by P. Fletcher
Oh the times our young family returned to New York City from vacation with just enough gas and no money for tolls! In 1971 our tight budget nearly ended our family vacation early. We were 30 years old, and had saved up just enough to go camping for two weeks with our young boys, ages 7 and 3.
Heading north from the city around midnight, the car suddenly died. We coasted to the side of the New York State Thruway. My NYC born and raised husband was new to driving and had no clue what might cause an engine to die. I dug a flashlight out of the camping gear and we looked under the hood together, blankly.
Just then a trooper stopped. He radioed a tow truck and kindly stayed with us while we waited for it. After talking to us he gently broke the news that it was probably an alternator problem. We could expect to pay about $70.
I’m certain my face must have mirrored my husband’s stricken expression. We’d planned to spend not more than $100 for the whole camping trip. The repairs would end our family vacation.
The kind trooper left when the tow truck arrived. The 50-ish driver towed us to the gas station he owned. He prepared to work on our car, “since your kids are asleep and I’m awake.” We moved the kids into their sleeping bags and they and I slept on two tired sofas in the station. I needed to be well rested to drive us back to the city.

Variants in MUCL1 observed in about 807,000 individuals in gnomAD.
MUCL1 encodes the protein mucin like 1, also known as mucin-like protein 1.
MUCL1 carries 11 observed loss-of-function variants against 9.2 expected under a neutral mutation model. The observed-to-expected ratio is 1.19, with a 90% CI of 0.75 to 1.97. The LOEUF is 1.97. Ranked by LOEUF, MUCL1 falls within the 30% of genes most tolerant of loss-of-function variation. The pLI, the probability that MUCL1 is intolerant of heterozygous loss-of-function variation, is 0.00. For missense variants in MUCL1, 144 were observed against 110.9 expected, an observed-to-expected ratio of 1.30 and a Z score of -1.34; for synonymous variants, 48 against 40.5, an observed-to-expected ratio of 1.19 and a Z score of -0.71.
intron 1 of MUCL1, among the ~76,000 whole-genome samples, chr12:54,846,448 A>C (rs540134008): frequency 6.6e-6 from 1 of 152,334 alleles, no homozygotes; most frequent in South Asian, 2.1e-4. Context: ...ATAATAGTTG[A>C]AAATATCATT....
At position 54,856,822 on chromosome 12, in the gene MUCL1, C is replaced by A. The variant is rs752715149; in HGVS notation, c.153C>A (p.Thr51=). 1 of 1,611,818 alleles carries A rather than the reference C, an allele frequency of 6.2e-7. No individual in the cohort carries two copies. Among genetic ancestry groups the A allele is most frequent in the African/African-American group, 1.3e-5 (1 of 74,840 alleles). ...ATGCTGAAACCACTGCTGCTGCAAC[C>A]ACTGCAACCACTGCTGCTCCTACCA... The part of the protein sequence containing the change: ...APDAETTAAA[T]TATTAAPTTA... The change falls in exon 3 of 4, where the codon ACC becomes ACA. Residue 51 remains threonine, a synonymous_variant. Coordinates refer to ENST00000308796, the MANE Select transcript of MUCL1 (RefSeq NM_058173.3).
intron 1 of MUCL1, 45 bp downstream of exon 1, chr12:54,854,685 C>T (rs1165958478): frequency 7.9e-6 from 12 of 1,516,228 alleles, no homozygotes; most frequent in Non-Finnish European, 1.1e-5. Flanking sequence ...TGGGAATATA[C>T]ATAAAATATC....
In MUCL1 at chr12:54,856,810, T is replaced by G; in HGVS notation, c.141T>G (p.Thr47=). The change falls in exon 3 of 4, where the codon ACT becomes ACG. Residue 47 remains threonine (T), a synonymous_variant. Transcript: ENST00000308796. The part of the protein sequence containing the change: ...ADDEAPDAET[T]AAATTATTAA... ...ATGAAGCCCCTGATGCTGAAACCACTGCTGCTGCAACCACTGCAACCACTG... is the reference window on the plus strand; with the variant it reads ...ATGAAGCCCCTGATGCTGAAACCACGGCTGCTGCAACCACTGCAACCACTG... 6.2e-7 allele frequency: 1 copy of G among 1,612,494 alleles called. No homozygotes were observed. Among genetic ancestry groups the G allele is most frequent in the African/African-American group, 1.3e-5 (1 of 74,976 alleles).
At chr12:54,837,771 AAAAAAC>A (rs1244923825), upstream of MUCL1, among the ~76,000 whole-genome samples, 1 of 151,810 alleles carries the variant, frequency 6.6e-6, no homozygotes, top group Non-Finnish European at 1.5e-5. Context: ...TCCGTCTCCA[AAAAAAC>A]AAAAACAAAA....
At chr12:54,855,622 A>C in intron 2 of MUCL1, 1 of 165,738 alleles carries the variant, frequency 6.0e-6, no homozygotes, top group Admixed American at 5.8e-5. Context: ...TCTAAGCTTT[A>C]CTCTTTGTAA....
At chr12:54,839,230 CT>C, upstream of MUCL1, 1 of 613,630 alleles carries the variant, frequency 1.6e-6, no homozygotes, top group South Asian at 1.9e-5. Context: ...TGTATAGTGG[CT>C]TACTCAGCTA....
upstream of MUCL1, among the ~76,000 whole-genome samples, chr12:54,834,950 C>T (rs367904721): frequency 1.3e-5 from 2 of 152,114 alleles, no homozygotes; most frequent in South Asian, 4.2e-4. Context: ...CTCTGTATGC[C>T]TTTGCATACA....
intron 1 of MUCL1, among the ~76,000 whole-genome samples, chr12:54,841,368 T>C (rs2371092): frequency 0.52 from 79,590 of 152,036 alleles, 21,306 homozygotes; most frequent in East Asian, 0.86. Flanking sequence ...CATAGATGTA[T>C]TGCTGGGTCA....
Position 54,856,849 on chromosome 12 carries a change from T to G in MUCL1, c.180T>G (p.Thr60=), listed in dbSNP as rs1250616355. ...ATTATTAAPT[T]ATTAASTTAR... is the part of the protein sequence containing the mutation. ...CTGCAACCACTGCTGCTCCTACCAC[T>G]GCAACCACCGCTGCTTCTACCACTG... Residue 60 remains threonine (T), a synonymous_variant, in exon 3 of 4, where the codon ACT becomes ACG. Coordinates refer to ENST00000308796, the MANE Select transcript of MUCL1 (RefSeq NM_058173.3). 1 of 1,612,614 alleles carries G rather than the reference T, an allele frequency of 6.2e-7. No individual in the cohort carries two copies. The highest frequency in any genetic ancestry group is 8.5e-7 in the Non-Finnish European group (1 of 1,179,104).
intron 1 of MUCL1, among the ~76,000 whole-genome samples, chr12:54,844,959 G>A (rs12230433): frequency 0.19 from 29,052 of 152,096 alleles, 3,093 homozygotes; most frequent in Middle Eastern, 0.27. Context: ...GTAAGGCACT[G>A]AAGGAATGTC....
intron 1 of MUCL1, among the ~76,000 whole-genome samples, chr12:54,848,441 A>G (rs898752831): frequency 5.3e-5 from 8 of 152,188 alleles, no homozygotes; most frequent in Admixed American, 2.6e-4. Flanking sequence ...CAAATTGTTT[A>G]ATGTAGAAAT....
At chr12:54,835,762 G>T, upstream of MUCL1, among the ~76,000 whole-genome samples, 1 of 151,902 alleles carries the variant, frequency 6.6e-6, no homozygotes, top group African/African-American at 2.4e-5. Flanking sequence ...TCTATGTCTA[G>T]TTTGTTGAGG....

My husband joined the owner in the garage to learn something about cars and engines.
When my husband woke me I reached for my purse. But the station owner insisted my husband had done most of the work. He would accept only $10 “for parts”.
I drove north from there, both of us happy our vacation could continue, though we’d have to pinch pennies for two weeks.
For the next seven years we stopped at that station whenever we were near: to get gas, to get a taillight fixed, whatever. The owner always remembered us and exclaimed over how much our sons had grown.
The last time we were at the station, just before we moved away to the Midwest, I insisted on paying the old alternator bill. The owner laughed and said it’d been paid many times over from our years of stops.
Then he told us the story of the kind trooper who had waited with us in the night. When the tow truck had arrived, the trooper had paid half the bill without our knowledge, and alerted the station owner to our dilemma.
Our $10 contribution had been a token. We all laughed as the owner told us how hard it was to invent the white lie about my husband’s help that night. I still fondly remember these two people, who helped my family when they didn’t have to.